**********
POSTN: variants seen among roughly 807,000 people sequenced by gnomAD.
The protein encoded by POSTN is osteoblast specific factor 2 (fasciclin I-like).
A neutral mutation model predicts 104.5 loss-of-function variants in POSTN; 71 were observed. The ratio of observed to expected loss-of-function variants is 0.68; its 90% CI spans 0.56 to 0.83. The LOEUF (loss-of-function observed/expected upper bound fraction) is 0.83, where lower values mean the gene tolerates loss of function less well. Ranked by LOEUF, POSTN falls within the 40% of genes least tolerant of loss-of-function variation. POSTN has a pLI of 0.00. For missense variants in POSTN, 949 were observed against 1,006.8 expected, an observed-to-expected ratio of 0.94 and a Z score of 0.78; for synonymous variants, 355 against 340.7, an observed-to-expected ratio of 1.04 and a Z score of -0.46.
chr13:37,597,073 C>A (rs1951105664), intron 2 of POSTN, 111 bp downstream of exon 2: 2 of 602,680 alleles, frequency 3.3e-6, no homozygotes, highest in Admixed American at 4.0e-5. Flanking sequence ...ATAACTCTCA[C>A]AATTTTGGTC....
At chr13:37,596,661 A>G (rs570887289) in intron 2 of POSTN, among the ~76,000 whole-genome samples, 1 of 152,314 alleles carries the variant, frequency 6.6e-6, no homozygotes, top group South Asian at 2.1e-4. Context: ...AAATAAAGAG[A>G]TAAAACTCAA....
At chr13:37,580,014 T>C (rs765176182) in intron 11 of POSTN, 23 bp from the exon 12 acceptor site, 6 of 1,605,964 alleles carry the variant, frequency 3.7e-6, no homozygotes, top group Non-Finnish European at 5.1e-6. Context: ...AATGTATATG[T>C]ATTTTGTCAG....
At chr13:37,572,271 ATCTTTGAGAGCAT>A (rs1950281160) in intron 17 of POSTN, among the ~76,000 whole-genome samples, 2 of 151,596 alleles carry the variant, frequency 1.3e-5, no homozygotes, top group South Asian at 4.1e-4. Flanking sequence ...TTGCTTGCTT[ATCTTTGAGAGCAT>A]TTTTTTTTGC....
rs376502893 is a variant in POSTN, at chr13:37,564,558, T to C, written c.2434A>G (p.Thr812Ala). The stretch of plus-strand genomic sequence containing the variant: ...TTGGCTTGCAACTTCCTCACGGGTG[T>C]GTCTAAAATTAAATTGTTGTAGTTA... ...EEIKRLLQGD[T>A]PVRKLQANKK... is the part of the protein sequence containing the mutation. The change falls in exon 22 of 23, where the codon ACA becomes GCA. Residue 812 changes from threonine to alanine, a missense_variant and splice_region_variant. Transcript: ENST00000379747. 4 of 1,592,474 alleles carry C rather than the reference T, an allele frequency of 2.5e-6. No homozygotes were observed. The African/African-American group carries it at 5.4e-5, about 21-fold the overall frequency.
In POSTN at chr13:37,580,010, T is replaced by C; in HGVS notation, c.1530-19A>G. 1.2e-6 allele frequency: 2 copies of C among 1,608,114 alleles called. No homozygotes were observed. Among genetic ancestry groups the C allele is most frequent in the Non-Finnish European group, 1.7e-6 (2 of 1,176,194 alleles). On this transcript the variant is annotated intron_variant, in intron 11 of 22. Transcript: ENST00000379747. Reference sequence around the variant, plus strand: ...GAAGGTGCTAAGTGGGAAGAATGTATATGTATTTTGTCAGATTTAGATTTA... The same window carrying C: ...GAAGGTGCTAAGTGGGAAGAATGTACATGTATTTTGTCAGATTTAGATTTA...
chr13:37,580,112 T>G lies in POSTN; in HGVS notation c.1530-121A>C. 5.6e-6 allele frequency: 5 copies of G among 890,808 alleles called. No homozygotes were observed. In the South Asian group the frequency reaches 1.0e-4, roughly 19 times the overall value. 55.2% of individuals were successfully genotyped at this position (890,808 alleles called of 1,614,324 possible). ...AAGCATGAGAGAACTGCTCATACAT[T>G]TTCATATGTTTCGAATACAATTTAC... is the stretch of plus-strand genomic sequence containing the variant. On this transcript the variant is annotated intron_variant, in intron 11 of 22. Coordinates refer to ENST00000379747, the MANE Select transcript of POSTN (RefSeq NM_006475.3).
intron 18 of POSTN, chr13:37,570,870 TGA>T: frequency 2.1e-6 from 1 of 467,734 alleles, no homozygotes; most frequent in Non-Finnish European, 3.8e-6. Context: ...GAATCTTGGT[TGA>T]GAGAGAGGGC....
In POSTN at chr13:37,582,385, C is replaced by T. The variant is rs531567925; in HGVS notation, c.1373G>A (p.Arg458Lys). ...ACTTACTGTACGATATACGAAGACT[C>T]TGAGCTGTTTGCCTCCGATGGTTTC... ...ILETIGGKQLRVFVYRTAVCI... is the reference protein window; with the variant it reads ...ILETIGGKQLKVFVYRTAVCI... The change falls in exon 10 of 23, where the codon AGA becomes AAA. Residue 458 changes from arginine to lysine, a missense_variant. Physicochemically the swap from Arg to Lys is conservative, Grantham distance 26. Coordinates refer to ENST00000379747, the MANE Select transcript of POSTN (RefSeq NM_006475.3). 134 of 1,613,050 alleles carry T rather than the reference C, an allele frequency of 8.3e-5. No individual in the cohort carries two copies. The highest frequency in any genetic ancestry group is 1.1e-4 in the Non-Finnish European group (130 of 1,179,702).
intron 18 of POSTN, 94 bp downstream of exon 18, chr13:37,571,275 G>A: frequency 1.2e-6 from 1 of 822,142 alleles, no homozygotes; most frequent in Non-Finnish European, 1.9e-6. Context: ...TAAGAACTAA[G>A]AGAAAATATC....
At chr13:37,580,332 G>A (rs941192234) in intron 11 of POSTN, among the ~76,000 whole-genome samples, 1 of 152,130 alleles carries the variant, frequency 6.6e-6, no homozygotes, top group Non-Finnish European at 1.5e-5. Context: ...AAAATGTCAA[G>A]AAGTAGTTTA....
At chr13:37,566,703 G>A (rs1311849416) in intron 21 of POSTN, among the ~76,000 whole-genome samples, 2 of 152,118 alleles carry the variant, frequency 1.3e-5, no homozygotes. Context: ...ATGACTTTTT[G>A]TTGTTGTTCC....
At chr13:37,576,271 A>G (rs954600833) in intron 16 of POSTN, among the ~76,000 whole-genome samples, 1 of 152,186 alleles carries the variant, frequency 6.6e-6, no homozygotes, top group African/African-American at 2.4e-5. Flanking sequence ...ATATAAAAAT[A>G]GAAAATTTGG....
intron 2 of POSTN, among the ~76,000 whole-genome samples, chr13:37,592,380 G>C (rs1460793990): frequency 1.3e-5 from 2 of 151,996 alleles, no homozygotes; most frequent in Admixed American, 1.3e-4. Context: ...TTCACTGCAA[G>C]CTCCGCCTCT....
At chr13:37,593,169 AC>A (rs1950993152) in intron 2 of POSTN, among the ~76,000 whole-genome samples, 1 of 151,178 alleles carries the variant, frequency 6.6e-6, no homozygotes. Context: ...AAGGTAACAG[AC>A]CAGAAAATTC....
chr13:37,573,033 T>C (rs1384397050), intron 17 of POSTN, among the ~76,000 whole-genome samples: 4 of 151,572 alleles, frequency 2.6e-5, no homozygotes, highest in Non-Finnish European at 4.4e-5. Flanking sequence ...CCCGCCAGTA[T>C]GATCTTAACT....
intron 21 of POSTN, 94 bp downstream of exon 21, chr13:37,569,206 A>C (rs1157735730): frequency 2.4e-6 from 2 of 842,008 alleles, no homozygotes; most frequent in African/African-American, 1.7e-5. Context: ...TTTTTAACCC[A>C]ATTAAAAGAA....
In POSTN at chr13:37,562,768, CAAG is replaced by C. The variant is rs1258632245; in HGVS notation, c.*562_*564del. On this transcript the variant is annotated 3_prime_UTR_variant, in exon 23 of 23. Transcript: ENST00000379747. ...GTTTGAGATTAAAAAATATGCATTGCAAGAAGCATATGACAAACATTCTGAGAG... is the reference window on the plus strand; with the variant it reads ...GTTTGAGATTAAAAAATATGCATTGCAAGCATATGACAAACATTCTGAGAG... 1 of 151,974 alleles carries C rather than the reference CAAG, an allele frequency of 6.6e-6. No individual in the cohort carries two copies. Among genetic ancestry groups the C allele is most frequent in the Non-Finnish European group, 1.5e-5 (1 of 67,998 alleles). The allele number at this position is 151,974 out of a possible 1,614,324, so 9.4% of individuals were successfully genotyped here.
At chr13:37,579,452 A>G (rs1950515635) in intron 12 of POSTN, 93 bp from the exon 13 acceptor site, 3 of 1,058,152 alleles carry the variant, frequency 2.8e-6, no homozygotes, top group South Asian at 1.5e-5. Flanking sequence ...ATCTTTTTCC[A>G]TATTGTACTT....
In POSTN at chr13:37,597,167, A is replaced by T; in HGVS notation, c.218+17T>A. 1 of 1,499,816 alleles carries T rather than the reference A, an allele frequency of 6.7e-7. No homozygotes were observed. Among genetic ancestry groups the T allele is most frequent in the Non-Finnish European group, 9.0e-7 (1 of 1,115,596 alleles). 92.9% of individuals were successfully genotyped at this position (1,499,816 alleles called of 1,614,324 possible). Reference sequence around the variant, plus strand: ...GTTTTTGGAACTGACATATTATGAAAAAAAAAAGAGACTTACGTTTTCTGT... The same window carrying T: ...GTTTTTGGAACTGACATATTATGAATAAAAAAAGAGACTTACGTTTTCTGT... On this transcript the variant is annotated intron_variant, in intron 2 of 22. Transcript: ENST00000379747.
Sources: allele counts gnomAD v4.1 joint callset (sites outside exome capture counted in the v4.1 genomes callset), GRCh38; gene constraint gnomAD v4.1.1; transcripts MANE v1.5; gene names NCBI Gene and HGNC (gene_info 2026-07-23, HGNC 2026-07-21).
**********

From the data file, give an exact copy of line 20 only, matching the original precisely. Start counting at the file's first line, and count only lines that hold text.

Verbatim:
intron 21 of POSTN, 94 bp downstream of exon 21, chr13:37,569,206 A>C (rs1157735730): frequency 2.4e-6 from 2 of 842,008 alleles, no homozygotes; most frequent in African/African-American, 1.7e-5. Context: ...TTTTTAACCC[A>C]ATTAAAAGAA....